The Midweek Moan: Roman revolution reads like the reign of King Henry VIII

15:10 21 November 2012

A portrait of King Henry VIII

A portrait of King Henry VIII

Archant

Welcome to London24’s weekly column taking a frustrated look at the world of sport and having a good old-fashioned rant to get it off our chests. This week, the Chelsea managerial merry-go-round...

Chelsea Football Club owner Roman Abramovich. Photo credit: Dominic Lipinski/PA WireChelsea Football Club owner Roman Abramovich. Photo credit: Dominic Lipinski/PA Wire

You wouldn’t be surprised if Roman Abramovich had hired a crack team of theologians and religious pontificators to scour scripture and stare at the stars in order to nail down the precise moment of the Second Coming so he can hire the big bloke with the beard as his next Chelsea manager. Well, he’s already had the “Special One”.

Certainly, the criteria for the next Stamford Bridge boss is becoming ever more niche, so much so that it wouldn’t be in the least bit surprising if the manager’s job spec stipulated that applicants must be able to walk on water and cure the footballing sickness inflicting Fernando Torres.

"It’s no secret that Abramovich is quick to show his managers the sharp end of a P45 – in fact he’s so filthy rich he probably owns the Sword of Damocles – but there hasn’t been a west London resident so comfortable with swinging the axe since King Henry VIII"

James Cunliffe

And even that might not be enough considering that the last guy in charge, Roberto Di Matteo, finally delivered the moneybags Russian’s Holy Grail of the Champions League only to get the chop today, six months later.

It’s no secret that Abramovich is quick to show his managers the sharp end of a P45 – in fact he’s so filthy rich he probably owns the Sword of Damocles – but there hasn’t been a west London resident so comfortable with swinging the axe since King Henry VIII.

Rather than ‘Strive for victory, shun defeat’ Chelsea’s club motto may as well be ‘Off with their heads’ after Di Matteo (262 days) became the latest in a lineage of managerial executions, following Luiz Felipe Scolari (223 days), Andre Villas-Boas (257 days) and Avram Grant (247 days) out of the exit door less than a year from their coronations.

Like one of England’s most infamous monarchs, Roman may merely have filed for the football equivalent of a divorce with the rest, while Guus Hiddink remains the one that got away, but the stats show that eight bosses have ghosted through the corridors of Stamford Bridge – nine if you include Ray Wilkins – and the question is who next?

Of course, there won’t be any shortage of suitors but don’t be fooled into thinking that the next boss will come in because he’s excited by “the project”. That can and has changed from one minute to the next. No, the one thing that will shout loudest is – as it always has since Abramovich assumed control – the money.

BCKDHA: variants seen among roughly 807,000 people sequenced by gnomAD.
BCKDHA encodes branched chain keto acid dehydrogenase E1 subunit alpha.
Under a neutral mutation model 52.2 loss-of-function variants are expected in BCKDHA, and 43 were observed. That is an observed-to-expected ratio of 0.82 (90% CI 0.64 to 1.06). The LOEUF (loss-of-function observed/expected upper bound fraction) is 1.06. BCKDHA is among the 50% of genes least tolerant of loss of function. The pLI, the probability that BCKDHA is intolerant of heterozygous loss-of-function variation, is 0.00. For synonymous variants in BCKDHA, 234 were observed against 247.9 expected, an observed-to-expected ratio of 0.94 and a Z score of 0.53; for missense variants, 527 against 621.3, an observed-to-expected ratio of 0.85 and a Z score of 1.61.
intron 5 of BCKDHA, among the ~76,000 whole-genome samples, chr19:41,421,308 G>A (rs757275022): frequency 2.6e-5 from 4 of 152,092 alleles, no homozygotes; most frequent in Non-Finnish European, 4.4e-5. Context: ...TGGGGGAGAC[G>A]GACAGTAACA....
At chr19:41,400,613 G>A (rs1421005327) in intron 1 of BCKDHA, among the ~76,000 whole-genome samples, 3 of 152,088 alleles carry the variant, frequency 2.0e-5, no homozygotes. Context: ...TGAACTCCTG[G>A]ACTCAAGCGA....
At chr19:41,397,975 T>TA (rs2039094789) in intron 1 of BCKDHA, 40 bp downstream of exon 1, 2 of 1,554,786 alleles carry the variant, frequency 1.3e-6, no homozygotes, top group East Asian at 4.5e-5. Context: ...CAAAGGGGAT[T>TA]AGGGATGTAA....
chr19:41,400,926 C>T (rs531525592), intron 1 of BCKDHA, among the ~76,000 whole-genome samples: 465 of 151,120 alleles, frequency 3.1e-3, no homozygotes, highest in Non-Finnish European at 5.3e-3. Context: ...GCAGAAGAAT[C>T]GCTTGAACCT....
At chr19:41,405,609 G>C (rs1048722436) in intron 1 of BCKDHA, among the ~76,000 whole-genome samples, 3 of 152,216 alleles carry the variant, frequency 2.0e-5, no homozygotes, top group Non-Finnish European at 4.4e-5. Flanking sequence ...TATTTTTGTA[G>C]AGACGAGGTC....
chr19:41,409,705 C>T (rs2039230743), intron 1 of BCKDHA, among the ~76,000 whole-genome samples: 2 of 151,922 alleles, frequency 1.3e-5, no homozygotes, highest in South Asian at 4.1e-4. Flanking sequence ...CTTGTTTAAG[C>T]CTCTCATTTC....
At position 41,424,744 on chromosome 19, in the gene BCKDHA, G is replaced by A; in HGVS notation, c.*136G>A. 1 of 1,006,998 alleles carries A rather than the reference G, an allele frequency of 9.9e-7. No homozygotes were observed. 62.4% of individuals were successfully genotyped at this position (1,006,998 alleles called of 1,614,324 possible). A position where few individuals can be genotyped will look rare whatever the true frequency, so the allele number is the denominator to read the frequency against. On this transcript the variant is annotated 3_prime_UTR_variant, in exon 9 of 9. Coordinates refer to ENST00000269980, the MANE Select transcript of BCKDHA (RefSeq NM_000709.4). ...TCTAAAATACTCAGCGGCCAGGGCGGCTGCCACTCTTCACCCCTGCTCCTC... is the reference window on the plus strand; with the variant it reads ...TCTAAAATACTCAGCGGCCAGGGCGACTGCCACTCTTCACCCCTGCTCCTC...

When the inevitable failure spells the end then there will be a nice big pay-off to ease the ignominy of unemployment.

And whoever it is, they can forget about having their own ideas and ethos on how the game should be played. Roman wants the revolution done his way or, more to the point, the Barcelona way.

But despite all the Roubles the Russian has thrown at the problem, Chelsea never have and it’s hard to argue they ever will play like the Catalans.

If, as expected, former Liverpool boss Rafael Benitez takes the hot-seat it will merely by a stop gap until the Blues’ big boss can get his hands on Pep Guardiola – as if that’s they way to achieve his dreams of becoming the best team in the world.

And if that’s the case then Abramovich knows nothing about football. Yes Guardiola won everything there was to win with the Nou Camp heroes, but the seeds had been planted long before the former defensive midfielder returned as manager to his football birthplace.

First he, as those before and after him have, inherited a style of play instilled by Dutch legend Johan Cruyff, passed down through the years. He was also blessed with a largely homegrown side the like that has never been seen before and probably will never again. And let’s not forget the most important dynamic in his success – Lionel Messi.

Taking nothing away from a man who had only previously manager Barcelona B, and with the greatest of respect, a goldfish could manage that side, so good are they.

Yet a quick history should tell the Chelsea benefactor that not even Barca have retained ‘Old Big Ears’ – no team has since the Champions League’s inception 20 years ago. In that time AC Milan, Juventus and Real Madrid, to name a few, have all possessed better teams than the Blues.

Yes, Chelsea stand on the precipice of embarrassment at becoming the first European Cup holders in two decades to relinquish the crown at the group stage, but perhaps Di Matteo’s by now short-lived crowning glory in Munich six months ago just goes to show how much the Blues over achieved.

Surely even the most ardent Chelsea fan would be hard pushed to suggest they were deserving winners. Like Liverpool in 2005, who were comprehensively outplayed by AC Milan in the final, the Blues rode their luck all the way through the competition.

There’s no shame in admitting that and it certainly doesn’t take away from the fact they did win it which, after all, is the only stat that ever really matters.

But Abramovich cannot be a football thinker in any sense of the term as he might have realised that any team can win a cup but the only the best side wins a league.

And he might just need to take a step into the real world and give a manager longer than a season for that, rather than pay for a saviour.

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